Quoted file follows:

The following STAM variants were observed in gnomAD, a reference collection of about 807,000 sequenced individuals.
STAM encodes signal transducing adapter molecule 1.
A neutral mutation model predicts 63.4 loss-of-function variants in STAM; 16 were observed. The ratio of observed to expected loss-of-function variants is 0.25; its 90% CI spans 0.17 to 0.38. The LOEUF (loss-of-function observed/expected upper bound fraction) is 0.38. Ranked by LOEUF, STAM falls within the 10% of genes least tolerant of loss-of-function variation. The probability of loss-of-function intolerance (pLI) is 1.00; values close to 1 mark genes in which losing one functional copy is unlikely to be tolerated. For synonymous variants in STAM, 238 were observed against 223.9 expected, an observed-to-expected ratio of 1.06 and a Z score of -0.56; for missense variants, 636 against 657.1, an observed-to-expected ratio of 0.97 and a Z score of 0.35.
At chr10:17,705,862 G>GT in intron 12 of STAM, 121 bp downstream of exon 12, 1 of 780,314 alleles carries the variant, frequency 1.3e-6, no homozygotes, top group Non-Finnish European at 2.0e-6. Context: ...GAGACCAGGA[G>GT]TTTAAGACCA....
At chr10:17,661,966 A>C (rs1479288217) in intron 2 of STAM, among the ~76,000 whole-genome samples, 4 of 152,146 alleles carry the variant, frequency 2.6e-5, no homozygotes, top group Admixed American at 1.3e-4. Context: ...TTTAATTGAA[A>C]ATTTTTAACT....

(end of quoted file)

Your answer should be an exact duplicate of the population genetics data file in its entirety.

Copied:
The following STAM variants were observed in gnomAD, a reference collection of about 807,000 sequenced individuals.
STAM encodes signal transducing adapter molecule 1.
A neutral mutation model predicts 63.4 loss-of-function variants in STAM; 16 were observed. The ratio of observed to expected loss-of-function variants is 0.25; its 90% CI spans 0.17 to 0.38. The LOEUF (loss-of-function observed/expected upper bound fraction) is 0.38. Ranked by LOEUF, STAM falls within the 10% of genes least tolerant of loss-of-function variation. The probability of loss-of-function intolerance (pLI) is 1.00; values close to 1 mark genes in which losing one functional copy is unlikely to be tolerated. For synonymous variants in STAM, 238 were observed against 223.9 expected, an observed-to-expected ratio of 1.06 and a Z score of -0.56; for missense variants, 636 against 657.1, an observed-to-expected ratio of 0.97 and a Z score of 0.35.
At chr10:17,705,862 G>GT in intron 12 of STAM, 121 bp downstream of exon 12, 1 of 780,314 alleles carries the variant, frequency 1.3e-6, no homozygotes, top group Non-Finnish European at 2.0e-6. Context: ...GAGACCAGGA[G>GT]TTTAAGACCA....
At chr10:17,661,966 A>C (rs1479288217) in intron 2 of STAM, among the ~76,000 whole-genome samples, 4 of 152,146 alleles carry the variant, frequency 2.6e-5, no homozygotes, top group Admixed American at 1.3e-4. Context: ...TTTAATTGAA[A>C]ATTTTTAACT....